Once you've made all of those sweet tasting but utterly useless dextrines drop the temp below the denaturing point of the glucoamylase (for use that's under 160) and add it. Dont forget to check pH -- our gAm works between 2.8 - 5.5 (we've never had to adjust).
Don't try to be a hero like I originally did and go the "natural" route and eschew the use of added enzymes. It's not with the soul that will leave your body or the people you'll offend by cussing whilst dealing with that thick, goopey mess. And honestly, I find absolutely no organoleptic difference between corn + enzymes and corn + malted barley. Corn isnt exactly subtle.
I'm certain I've missed out something.
Reply:51 minutes ago, SpiritedConsultant said:
I imagine testing the moisture and protein content would be beneficial long term. How do you test those and what equipment is needed? Any recommended sites?
So how does this look for next test batch:
Add 15 lbs chopped corn to 8 gal H2O. I can't handle flour now, but realize that would be preferable.
Add high temp enzyme like Sebstar HTL. Heat to 190F.
Hold until 60-90 min and until iodine tests react well to starch. Should be pretty thick and gummy, correct?
Cool to 160 (probably adding cold water for this). Add Sebamyl GL or other Beta. Hold until iodine tests show sugar conversion.
Should the temp be held steady? What is an average timeframe?
Cool to 70F and add yeast starter. Going to lauter and sparge here until I can distill grain in with flour.
what did I miss? What corn/water ratios are you all working with?
thanks for the help!
Reply:7 hours ago, indyspirits said:
Reply:6 hours ago, BigRed said:
Lower temp for GA - Maximum glucoamylase activity is 55c/130f, and deactivates around 70c/158f. If you aren't fermenting on the grain, you can add at a higher temperature than 55c as you aren't so concerned about further enzymatic activity during fermentation.
Depending on your gelatinization temperature, you may find you are denaturing a significant amount of HTAA by holding at that temperature. If so, two additions might be more effective, a smaller amount during heatup to keep the mash thin, and a second larger dose once you've achieved gelatinization and begin to cool.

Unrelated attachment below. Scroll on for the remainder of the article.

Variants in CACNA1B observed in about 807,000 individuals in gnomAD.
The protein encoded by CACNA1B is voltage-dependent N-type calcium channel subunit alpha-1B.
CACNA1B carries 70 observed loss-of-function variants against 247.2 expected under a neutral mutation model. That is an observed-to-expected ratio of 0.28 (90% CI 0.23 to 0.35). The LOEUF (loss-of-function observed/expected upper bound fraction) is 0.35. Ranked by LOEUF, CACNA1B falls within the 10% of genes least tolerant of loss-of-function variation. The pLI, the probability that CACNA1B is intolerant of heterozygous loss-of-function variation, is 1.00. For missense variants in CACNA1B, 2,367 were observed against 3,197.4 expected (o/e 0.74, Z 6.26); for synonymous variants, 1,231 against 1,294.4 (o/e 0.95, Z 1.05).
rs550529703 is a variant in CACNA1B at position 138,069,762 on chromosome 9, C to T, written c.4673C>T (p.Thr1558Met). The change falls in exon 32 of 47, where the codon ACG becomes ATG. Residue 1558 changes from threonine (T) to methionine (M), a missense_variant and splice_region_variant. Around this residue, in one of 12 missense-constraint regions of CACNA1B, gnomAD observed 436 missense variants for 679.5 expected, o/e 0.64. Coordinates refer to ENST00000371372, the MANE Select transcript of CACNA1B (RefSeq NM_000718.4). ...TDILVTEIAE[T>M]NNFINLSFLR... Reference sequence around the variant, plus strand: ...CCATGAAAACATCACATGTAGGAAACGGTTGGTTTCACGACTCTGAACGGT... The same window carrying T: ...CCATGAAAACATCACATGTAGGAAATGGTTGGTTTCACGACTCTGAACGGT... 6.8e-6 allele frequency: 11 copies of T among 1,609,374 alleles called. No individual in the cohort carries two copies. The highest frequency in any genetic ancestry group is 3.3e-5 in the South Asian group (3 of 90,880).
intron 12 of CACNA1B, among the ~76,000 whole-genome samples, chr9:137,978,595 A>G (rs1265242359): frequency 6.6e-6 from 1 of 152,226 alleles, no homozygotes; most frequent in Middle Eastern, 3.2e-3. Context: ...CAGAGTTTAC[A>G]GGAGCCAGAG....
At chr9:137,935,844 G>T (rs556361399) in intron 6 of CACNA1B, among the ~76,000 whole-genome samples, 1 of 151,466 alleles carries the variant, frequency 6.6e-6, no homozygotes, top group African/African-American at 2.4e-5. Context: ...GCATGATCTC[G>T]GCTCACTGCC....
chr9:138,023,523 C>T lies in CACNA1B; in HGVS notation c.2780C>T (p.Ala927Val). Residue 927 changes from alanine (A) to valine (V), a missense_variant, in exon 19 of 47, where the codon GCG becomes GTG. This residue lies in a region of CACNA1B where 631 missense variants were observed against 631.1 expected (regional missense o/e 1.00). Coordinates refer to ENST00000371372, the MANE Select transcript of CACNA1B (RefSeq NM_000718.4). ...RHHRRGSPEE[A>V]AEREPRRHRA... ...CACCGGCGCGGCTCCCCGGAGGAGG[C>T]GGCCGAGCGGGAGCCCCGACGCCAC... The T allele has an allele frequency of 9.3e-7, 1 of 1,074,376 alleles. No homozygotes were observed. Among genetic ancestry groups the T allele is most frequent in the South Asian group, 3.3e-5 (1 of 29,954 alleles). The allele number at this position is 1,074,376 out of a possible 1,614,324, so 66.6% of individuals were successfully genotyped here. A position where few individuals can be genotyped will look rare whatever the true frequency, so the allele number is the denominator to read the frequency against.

You also need to consider pH ranges for optimum enzyme activity.
Similar issues with low SG when doing a bourbon mash. I've been doing 60% corn, 30% rye and 10% malt recipe and the results are as follows:
Using flaked corn I hit 20 brix, no added enzymes. Fresh corn I hit 24 brix, again no added enzymes. Dried corn ground to nearly flour and cooked at 190 for 2 hours, then let rest, insulated overnight, results were struggling to hit 15 brix with added amalyse.
I have access to basically unlimited dried sweet corn and want to use it but have tried everything except the addition of tons of enzymes. The fresh version of the same corn off the cob is 24 brix...take it from a silo after a year and I can't get close to 15...any thoughts?
At this stage the amount of effort to get the dried corn to do what we need may not be worth doing a bourbon, but with the amazing corn we have access to, it'd be a shame. My thought was that the super dried out corn loses something else other than water and is causing us the issue we are having.